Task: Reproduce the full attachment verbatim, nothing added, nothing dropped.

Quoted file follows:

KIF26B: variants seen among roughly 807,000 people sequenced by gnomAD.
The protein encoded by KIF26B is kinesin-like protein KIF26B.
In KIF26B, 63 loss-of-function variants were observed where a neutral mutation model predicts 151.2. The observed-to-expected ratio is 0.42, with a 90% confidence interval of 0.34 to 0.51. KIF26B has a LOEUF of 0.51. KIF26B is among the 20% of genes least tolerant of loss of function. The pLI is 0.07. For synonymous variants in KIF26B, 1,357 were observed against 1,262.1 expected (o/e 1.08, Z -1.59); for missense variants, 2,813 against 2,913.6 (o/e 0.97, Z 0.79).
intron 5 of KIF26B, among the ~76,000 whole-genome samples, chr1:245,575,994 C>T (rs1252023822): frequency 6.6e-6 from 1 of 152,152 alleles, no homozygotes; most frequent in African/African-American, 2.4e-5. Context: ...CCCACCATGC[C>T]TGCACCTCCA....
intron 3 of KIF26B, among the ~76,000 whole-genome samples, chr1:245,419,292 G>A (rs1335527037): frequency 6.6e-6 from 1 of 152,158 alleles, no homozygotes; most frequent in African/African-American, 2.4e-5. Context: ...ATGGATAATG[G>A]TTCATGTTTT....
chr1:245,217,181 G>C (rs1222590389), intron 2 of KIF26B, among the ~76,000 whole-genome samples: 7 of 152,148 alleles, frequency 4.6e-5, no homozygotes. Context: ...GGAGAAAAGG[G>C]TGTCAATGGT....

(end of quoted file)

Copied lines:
KIF26B: variants seen among roughly 807,000 people sequenced by gnomAD.
The protein encoded by KIF26B is kinesin-like protein KIF26B.
In KIF26B, 63 loss-of-function variants were observed where a neutral mutation model predicts 151.2. The observed-to-expected ratio is 0.42, with a 90% confidence interval of 0.34 to 0.51. KIF26B has a LOEUF of 0.51. KIF26B is among the 20% of genes least tolerant of loss of function. The pLI is 0.07. For synonymous variants in KIF26B, 1,357 were observed against 1,262.1 expected (o/e 1.08, Z -1.59); for missense variants, 2,813 against 2,913.6 (o/e 0.97, Z 0.79).
intron 5 of KIF26B, among the ~76,000 whole-genome samples, chr1:245,575,994 C>T (rs1252023822): frequency 6.6e-6 from 1 of 152,152 alleles, no homozygotes; most frequent in African/African-American, 2.4e-5. Context: ...CCCACCATGC[C>T]TGCACCTCCA....
intron 3 of KIF26B, among the ~76,000 whole-genome samples, chr1:245,419,292 G>A (rs1335527037): frequency 6.6e-6 from 1 of 152,158 alleles, no homozygotes; most frequent in African/African-American, 2.4e-5. Context: ...ATGGATAATG[G>A]TTCATGTTTT....
chr1:245,217,181 G>C (rs1222590389), intron 2 of KIF26B, among the ~76,000 whole-genome samples: 7 of 152,148 alleles, frequency 4.6e-5, no homozygotes. Context: ...GGAGAAAAGG[G>C]TGTCAATGGT....